If a passenger arrived in debt and had no waiting relative or sponsor they typically had to enter indentured servitude contracts, usually for up to four years to whomever would pay their ship debts. It is probable that this was the situation that some, if not all of our ancestors faced on their arrival in America. All six of the Marstellers who came to America from Pfungstadt left from Rotterdam or Amsterdam and arrived in the port of Philadelphia beginning on October 2, 1727, initially settled in the southeastern counties of Philadelphia.

One of the first Marsteller immigrants, Frederick Ludwig Marsteller, sponsored Heinrich Melchoir Muhlenberg, the Lutheran pastor considered the father of the Lutheran Church in America. The Marstellers were instrumental in building the first Evangelical Lutheran churches in America and helped form the first Lutheran Synod in America.

Over the first few generations the spelling of the Marsteller name took many forms as the German immigrants struggled to adjust to the English language. The most common spellings are Marsteller, Mosteller and Masteller. From the four male Phungstadt Marstellers are descended virtually all of the Marstellers, et al. found in the United States today.

Most of their descendants were initially farmers and blacksmiths. Later generations entered various professions but were primarily farmers, teachers, and ministers.  Many entered the military.  As we will soon see, One descendant, Philip Balthasar Marsteller — my cousin, seven times removed — served as a colonel in the American Revolutionary War and became a close friend of George Washington. He served as a pallbearer at President Washington’s funeral and he purchased a pair of matched flintlock pistols from Washington’s estate. Those pistols remained in the family for several generations until their eventual sale. These pistols are now on display in the West Pont museum in New York. One of Philip’s sons helped lay the cornerstone of the U.S. Capitol building.

Marsteller descendants have fought in every American War including the Revolutionary War and Civil War. The current descendants of the Marsteller’s of Pfungstadt represent the tenth and eleventh generations in America over 270 years after the arrival of Johann Georg Marsteller on October 2, 1727.


5 thoughts on “My Family, My Life: The Marstellers (Part Two)

  1. Hi Mark,

    I just discovered your posts! I am a Mosteller-Hallemeier and am so glad to have read all the information you shared about the Mosteller’s. Thank you!! I have been having great difficulty tracing back to which of the Marstallers that came to America in the 1700’s are my direct relation. If you have any advice on this I would greatly appreciate it.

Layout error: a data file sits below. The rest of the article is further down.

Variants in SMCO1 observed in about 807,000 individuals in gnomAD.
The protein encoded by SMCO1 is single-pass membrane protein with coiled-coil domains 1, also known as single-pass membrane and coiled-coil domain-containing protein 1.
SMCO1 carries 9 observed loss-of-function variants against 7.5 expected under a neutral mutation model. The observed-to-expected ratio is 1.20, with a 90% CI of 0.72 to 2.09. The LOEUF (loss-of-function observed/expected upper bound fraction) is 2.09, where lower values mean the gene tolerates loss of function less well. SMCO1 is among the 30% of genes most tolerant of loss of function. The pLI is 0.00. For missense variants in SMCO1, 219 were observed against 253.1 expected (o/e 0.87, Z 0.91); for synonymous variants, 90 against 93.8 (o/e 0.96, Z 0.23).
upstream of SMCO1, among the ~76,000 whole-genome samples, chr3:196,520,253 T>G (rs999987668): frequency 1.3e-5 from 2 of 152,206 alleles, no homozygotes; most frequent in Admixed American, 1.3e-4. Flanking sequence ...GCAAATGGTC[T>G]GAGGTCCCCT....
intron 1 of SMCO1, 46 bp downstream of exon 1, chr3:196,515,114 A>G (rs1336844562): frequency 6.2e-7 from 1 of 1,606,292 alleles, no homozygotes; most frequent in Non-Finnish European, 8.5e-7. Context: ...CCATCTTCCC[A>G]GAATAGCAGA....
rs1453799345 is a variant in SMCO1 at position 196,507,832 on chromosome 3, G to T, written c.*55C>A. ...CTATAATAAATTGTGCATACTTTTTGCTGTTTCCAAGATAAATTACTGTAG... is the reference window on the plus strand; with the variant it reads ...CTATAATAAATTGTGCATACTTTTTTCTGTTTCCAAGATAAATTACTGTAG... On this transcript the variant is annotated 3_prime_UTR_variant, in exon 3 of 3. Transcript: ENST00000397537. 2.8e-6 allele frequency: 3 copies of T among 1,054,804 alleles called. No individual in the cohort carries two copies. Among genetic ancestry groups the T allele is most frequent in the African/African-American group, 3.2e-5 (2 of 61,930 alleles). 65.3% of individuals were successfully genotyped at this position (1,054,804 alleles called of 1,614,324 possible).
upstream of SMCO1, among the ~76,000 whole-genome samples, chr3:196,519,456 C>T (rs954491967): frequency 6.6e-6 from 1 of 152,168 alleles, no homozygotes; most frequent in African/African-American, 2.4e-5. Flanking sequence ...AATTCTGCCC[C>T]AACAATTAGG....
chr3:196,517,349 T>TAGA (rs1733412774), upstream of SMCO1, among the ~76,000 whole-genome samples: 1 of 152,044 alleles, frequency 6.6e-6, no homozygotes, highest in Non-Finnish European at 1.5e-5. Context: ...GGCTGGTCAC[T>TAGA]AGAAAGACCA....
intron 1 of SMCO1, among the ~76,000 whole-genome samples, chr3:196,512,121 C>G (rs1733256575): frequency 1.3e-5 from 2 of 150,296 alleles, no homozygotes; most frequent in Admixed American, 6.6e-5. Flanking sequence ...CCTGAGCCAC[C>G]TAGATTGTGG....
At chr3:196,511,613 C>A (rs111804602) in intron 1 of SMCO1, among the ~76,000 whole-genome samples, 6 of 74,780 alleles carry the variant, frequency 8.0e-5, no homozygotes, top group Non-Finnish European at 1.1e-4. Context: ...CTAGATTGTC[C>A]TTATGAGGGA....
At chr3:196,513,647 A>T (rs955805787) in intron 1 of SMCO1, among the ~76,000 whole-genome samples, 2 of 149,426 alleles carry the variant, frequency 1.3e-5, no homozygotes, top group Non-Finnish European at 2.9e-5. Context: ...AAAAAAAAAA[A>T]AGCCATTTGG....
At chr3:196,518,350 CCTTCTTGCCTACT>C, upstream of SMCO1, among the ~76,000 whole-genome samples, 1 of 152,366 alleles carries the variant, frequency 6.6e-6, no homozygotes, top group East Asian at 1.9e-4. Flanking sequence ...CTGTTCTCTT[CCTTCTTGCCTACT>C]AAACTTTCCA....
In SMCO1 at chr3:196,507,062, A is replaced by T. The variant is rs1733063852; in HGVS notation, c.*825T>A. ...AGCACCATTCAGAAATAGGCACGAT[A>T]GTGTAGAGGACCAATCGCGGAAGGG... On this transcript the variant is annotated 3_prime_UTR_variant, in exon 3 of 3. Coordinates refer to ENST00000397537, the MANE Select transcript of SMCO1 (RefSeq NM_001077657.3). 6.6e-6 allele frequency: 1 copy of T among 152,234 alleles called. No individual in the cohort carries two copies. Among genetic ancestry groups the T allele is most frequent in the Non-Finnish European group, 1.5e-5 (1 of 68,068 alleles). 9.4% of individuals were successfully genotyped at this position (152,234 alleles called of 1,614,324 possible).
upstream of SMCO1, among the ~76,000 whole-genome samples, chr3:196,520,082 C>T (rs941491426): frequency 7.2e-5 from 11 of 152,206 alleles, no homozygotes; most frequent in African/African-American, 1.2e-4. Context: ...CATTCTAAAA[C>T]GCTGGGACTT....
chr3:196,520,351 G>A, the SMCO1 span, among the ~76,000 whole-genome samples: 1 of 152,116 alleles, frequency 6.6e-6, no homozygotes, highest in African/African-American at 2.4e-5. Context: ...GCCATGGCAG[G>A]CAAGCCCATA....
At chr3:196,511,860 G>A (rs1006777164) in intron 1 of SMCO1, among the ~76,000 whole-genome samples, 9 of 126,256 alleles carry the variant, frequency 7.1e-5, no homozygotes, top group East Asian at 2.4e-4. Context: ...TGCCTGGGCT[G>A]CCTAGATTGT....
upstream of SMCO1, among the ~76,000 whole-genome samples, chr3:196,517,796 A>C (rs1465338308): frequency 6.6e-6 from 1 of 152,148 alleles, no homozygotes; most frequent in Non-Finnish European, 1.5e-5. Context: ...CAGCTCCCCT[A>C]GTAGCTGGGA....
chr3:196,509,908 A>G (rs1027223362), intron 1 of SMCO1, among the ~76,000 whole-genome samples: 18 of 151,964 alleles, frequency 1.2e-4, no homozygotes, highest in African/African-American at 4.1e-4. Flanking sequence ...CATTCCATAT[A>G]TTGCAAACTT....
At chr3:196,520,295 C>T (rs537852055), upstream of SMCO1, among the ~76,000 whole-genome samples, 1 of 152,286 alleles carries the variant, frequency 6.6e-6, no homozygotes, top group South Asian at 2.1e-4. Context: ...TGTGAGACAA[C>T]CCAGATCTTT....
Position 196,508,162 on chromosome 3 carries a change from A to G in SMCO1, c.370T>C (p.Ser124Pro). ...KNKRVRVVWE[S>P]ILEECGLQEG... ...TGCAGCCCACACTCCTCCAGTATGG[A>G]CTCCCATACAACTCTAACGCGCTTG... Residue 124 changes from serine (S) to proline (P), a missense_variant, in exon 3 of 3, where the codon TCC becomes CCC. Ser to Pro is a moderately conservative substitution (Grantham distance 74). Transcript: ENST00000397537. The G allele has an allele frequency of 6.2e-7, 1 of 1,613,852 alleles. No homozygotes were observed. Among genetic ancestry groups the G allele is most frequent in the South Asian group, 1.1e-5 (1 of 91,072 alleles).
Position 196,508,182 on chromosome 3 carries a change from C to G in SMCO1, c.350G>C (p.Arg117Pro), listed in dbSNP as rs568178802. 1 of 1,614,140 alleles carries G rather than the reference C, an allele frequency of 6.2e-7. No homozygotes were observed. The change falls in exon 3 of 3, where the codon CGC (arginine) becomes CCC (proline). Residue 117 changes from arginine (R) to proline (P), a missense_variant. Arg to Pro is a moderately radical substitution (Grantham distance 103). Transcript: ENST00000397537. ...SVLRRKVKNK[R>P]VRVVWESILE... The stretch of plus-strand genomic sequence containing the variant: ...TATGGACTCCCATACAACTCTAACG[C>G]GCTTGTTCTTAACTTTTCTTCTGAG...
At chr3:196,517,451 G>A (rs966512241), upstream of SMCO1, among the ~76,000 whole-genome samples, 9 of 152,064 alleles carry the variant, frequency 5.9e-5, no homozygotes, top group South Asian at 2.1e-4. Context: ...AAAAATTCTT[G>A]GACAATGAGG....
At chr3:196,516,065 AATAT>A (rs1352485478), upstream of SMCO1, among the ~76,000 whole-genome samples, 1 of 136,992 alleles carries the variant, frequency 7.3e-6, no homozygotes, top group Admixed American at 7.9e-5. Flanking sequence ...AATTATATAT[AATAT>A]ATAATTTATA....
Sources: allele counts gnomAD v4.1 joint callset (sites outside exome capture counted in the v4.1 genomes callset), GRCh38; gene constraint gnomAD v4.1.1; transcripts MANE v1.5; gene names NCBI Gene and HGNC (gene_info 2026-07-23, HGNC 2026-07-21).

I recently joined 23 and Me. It was amazing how my German DNA was pinpointed exactly to the Pfungstadt and Bavaria areas.

    • Hi Aleta,

      Some of the confusion you may have encountered in your search could be due to the fact that there are two Peters who arrived in Philadelphia in the 1720s. One is a cousin of the others. You may have some luck searching under the name “Johan Peter Marsteller”. I believe he’s the Peter who eventually moved to North Carolina in 1770.

      I’m not sure if links are allowed here, but you might find useful info if you search “A MOSTELLER STORY”. The author speculates on Peter’s name change from Marsteller to Mosteller.

      • Thank you for this information. Sorry it has taken me so long to thank you for this, but I had misplaced your link and just now rediscovered it! I will continue with my research and hope to someday visit Pfungstadt.

  2. I’m the great grandson of Paul Mosteller and have been to many Mosteller family reunions in North Carolina. I also have the book written by James Haney, which has a ton of our history. Thank you for your work, Justin Simmons

  3. Hi Mark , my name is Jeff Marstiller and I just happened across your article . You mentioned that Phillipus Balthazar Marsteller was distant cousin of yours . I’m researching my family tree I have found out that he is my fifth great uncle and his brother Johann was my fifth great grandfather . Apparently we had several relatives who fought for the freedom of our country . I also have several from my mother’s side that also fought in the revolution .